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James Clay
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JAMES CLAY (2004)
James Clay - Click to view!James Clay doesn't sound like a 22-year-old. His gritty, soulful voice sings of wisdom beyond his age. However, this worship leader, husband and father of two has lived enough to fill a few lifetimes. Growing up in poverty, Clay had to support his mother and siblings at the age of 14. He began to make sense of his life with an $80 dollar guitar. Less than ten years later, Clay is a new artist on Inpop Records, and his self-titled debut album reveals the spiritual and musical maturity that can only come from knowing the faithfulness of God.

Out of the gate, James Clay hits you with a modern rock cover of The Call's "I Still Believe." Here you get a real flavor of Clay's skills with a guitar. Influenced by Phil Keaggy and Jimi Hendrix, Clay can make a six-string sing. Next up is the first radio single, "Franklin Park," a bouncy, pop adventure through Clay's old neighborhood. With organs and guitars, the quirky chorus reminded me of the Counting Crows' "Rain King." Clay sings, "I'm a kid in Franklin Park / I feel I float in Noah's Ark / I love my friends with all my heart / And they don't care / Lord I'm bringing them to You / From this place we call the zoo."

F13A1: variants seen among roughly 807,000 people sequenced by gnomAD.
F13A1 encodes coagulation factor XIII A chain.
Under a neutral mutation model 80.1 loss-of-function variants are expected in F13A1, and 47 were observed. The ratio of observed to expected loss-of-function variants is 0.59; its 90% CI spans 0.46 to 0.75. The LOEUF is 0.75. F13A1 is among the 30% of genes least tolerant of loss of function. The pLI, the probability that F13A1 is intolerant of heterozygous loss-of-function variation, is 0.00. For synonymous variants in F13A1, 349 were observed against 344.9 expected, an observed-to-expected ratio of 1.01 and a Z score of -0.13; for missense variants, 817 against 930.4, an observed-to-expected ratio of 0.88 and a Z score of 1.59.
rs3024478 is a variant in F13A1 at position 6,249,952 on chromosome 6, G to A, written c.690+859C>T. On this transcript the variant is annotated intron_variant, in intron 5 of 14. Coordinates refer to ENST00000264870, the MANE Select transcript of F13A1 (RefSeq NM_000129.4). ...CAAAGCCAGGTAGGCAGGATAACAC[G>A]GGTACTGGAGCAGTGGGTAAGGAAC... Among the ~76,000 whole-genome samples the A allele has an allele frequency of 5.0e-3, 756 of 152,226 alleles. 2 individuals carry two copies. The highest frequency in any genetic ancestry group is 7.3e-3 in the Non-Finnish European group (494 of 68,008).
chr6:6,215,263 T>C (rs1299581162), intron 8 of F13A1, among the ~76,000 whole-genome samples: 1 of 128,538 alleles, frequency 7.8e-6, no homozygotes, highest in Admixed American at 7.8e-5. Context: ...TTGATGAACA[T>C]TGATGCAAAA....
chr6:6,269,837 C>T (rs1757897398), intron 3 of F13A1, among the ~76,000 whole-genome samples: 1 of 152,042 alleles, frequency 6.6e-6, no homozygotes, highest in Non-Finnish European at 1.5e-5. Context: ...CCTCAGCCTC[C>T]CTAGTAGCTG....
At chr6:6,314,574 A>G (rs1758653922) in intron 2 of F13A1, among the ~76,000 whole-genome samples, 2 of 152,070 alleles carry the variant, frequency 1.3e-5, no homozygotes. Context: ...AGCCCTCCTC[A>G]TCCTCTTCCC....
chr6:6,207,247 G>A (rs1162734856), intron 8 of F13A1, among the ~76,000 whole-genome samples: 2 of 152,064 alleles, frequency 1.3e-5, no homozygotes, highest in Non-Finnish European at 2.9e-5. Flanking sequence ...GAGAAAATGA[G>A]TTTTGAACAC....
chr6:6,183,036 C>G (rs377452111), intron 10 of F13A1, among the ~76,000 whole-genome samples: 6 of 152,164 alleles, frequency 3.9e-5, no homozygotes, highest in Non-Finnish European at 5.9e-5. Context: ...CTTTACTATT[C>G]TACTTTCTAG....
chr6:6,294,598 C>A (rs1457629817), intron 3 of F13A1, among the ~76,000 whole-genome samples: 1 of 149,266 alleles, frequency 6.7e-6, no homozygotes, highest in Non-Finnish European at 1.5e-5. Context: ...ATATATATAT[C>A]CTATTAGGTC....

The greatness of his album lies in its diversity. Clay's vocals differ slightly in every song, recalling Edwin McCain one moment and Mac Powell of Third Day the next. The same is true of James Clay musically. It is an eclectic mix of blues, rock and just about anything that can be done on a guitar. Clay lets his inner Bob Marley shine through on "Judah's Song" and "Send Salvation." "Wicked Woman" rocks the hardest, while "Sabotage" is like a lazy Sunday afternoon with a country twang.

It's an understatement to say Clay is multi-talented. In addition to his strong voice and guitar talents, Clay's simple lyrics drive straight for your heart. Many songs are written as divine messages. In "On Your Knees," he penned, "'Cause in my hands there are scars / I would've held you but you nailed them down / In your heart there's holes only I can fill / But on your knees / I know you there / I can touch you there." In another song, "Anyway," Clay talks about the odd sense of peace God gave him during the September 11th crisis. As he observed his daughter obliviously playing in front of the television that replayed the tragedy, he wrote, "If I've learned anything from Grace / Just from watching her play / You dance when you want to / Don't let anyone stand in your way / If the whole world is silent / Or if doubt is all they have to say / You sing your song anyway."

James Clay could be your favorite album if given the chance. Clay's honest, humble lyrics tap into God's heart for the ordinary, everyday man. His sound embraces a wide world of guitar-heavy melodies from reggae to rock. Altogether James Clay is a spiritual journey described in folk music that takes you someplace different every time.
- Jennifer Jones
September 2004
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